Bill Guest a Garfield & Hecht, P.C. Tax Attorney Discusses Tax Rules for Rental of Your Residence. 14:56, August 1, 2014

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Bill Guest a Garfield & Hecht, P.C. Tax Attorney Discusses Tax Rules for Rental of Your Residence.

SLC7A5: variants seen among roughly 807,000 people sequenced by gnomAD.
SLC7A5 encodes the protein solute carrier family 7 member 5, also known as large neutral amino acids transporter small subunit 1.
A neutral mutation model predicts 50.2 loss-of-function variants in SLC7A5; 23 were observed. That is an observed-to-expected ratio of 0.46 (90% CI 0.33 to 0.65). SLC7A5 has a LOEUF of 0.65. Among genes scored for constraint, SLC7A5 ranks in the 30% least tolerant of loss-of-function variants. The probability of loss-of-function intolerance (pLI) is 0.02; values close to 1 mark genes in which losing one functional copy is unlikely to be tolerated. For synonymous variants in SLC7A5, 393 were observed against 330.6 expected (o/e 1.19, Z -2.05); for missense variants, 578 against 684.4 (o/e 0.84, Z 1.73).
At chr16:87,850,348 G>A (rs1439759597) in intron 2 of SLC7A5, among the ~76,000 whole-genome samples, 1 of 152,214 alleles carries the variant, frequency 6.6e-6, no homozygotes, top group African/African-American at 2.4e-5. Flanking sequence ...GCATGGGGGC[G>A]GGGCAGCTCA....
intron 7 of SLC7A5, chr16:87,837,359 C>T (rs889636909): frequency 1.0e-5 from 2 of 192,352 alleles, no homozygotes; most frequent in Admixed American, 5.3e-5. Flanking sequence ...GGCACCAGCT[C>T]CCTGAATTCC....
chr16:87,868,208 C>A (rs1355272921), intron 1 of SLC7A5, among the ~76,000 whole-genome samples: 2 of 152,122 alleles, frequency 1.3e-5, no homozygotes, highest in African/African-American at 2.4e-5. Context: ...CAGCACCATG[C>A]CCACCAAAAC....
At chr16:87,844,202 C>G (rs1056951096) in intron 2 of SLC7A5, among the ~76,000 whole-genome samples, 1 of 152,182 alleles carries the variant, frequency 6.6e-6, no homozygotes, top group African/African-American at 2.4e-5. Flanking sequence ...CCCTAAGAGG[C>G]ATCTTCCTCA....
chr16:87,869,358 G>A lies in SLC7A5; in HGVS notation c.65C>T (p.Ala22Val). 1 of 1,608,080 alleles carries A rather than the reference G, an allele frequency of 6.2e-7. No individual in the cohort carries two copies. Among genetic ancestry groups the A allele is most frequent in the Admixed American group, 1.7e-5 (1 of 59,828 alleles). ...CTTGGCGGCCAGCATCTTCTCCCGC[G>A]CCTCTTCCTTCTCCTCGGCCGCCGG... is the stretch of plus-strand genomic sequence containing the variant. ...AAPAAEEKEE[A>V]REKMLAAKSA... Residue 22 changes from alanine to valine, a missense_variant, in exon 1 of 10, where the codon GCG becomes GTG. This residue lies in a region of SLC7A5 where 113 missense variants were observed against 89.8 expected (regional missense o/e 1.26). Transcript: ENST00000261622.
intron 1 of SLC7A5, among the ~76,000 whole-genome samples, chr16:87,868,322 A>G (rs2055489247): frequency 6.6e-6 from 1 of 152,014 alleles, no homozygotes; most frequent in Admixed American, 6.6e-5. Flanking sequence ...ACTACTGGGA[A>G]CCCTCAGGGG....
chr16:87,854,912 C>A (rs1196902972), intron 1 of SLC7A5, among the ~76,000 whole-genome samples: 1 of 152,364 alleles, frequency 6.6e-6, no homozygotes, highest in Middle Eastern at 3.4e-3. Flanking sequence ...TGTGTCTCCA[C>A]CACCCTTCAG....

If you own a residential dwelling that you use part of the year and rent part of the year, or plan to, there are tax rules that will affect the amount of income you must report and the expenses you can deduct.  The tax rules discussed below apply whether you use the residential dwelling for a relatively small portion of the year, like a typical vacation rental property, or you use the residential dwelling for a majority of the year, like a typical primary residence. There is no limit on how many residences these income tax rules apply to for any taxpayer. There is no difference in treatment if it is a principal residence or a secondary or vacation residence. The key to when these rules apply is that the residential property must be used personally during some of the year and rented out for some of the year. The good news is that you do not have to report any rent you receive as income if you rent your dwelling for 14 days or less in a tax year.  On the other hand, if you rent your dwelling for more than 14 days in a year, all of the rental income, even for the first 14 rental days, must be reported as income. When it comes to deducting expenses, there are limitations based on how much of the year you use your dwelling.  However, deductions for interest and real estate taxes are not limited by the amount of your personal use, but may be limited or have diminished values by virtue of other provisions of the Tax Code.  Deductions of other expenses that you incur, such as for utilities, association dues, insurance, repairs, commissions, depreciation and the like, may be limited depending on the amount of your personal use. The starting point is to determine the number of days you personally use your dwelling.  Personal use days include the days you use it as well as days used by related parties even if they pay rent.  Related parties are your brothers and sisters, spouse, ancestors, and lineal descendants.  One exception to having to count a day as a personal use day of your dwelling is if you spend the day engaged in repair and maintenance of the dwelling. The next step in determining if deductions will be limited is to compare the number of days personally used to the number of days rented.  If your personal use days are no more than 14 days or 10% of the days rented, or if 10% of the days rented is greater than 14, there is no limitation on the deductibility of the other expenses you incur that are related to the periods of rental.  Note that other provisions of the Tax Code may limit your use of a net tax loss to offset other income. On the other hand, if your personal use days are more than 14 days or 10% of the days rented, or if 10% of the days rented is greater than 14, your deductions for those other expenses are limited to the amount your rental income exceeds your interest and real estate tax expenses attributable to the rental period.  In other words, you won’t be allowed to have a tax loss on your return when the loss is created by these other expenses and you personally use your dwelling too much. Good record keeping of personal use days, rental days and expenses, is a necessity to substantiate what you can deduct on your income tax return. This is a summary of some very complicated tax rules.  You should consult your tax advisor for how the rules apply to your specific situation.  Contact Bill Guest click here.